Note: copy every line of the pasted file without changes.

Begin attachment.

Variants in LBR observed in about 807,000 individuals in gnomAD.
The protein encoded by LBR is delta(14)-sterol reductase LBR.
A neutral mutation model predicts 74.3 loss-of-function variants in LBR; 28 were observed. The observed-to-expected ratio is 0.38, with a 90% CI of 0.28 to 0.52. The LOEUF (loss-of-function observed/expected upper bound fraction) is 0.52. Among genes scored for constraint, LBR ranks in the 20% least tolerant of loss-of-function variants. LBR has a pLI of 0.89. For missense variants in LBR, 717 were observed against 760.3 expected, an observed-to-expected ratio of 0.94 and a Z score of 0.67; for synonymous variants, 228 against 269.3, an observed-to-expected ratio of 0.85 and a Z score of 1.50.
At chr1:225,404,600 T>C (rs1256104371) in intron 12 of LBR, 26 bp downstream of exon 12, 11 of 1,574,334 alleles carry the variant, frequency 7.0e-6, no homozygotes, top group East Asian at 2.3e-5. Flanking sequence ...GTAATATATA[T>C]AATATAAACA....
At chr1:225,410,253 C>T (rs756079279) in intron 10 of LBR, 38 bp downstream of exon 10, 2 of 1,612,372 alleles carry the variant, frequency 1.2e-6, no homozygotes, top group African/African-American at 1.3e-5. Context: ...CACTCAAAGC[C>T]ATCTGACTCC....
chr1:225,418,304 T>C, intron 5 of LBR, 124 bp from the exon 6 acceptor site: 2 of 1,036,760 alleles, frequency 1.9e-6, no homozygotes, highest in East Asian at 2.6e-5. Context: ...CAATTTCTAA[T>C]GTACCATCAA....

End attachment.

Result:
Variants in LBR observed in about 807,000 individuals in gnomAD.
The protein encoded by LBR is delta(14)-sterol reductase LBR.
A neutral mutation model predicts 74.3 loss-of-function variants in LBR; 28 were observed. The observed-to-expected ratio is 0.38, with a 90% CI of 0.28 to 0.52. The LOEUF (loss-of-function observed/expected upper bound fraction) is 0.52. Among genes scored for constraint, LBR ranks in the 20% least tolerant of loss-of-function variants. LBR has a pLI of 0.89. For missense variants in LBR, 717 were observed against 760.3 expected, an observed-to-expected ratio of 0.94 and a Z score of 0.67; for synonymous variants, 228 against 269.3, an observed-to-expected ratio of 0.85 and a Z score of 1.50.
At chr1:225,404,600 T>C (rs1256104371) in intron 12 of LBR, 26 bp downstream of exon 12, 11 of 1,574,334 alleles carry the variant, frequency 7.0e-6, no homozygotes, top group East Asian at 2.3e-5. Flanking sequence ...GTAATATATA[T>C]AATATAAACA....
At chr1:225,410,253 C>T (rs756079279) in intron 10 of LBR, 38 bp downstream of exon 10, 2 of 1,612,372 alleles carry the variant, frequency 1.2e-6, no homozygotes, top group African/African-American at 1.3e-5. Context: ...CACTCAAAGC[C>T]ATCTGACTCC....
chr1:225,418,304 T>C, intron 5 of LBR, 124 bp from the exon 6 acceptor site: 2 of 1,036,760 alleles, frequency 1.9e-6, no homozygotes, highest in East Asian at 2.6e-5. Context: ...CAATTTCTAA[T>C]GTACCATCAA....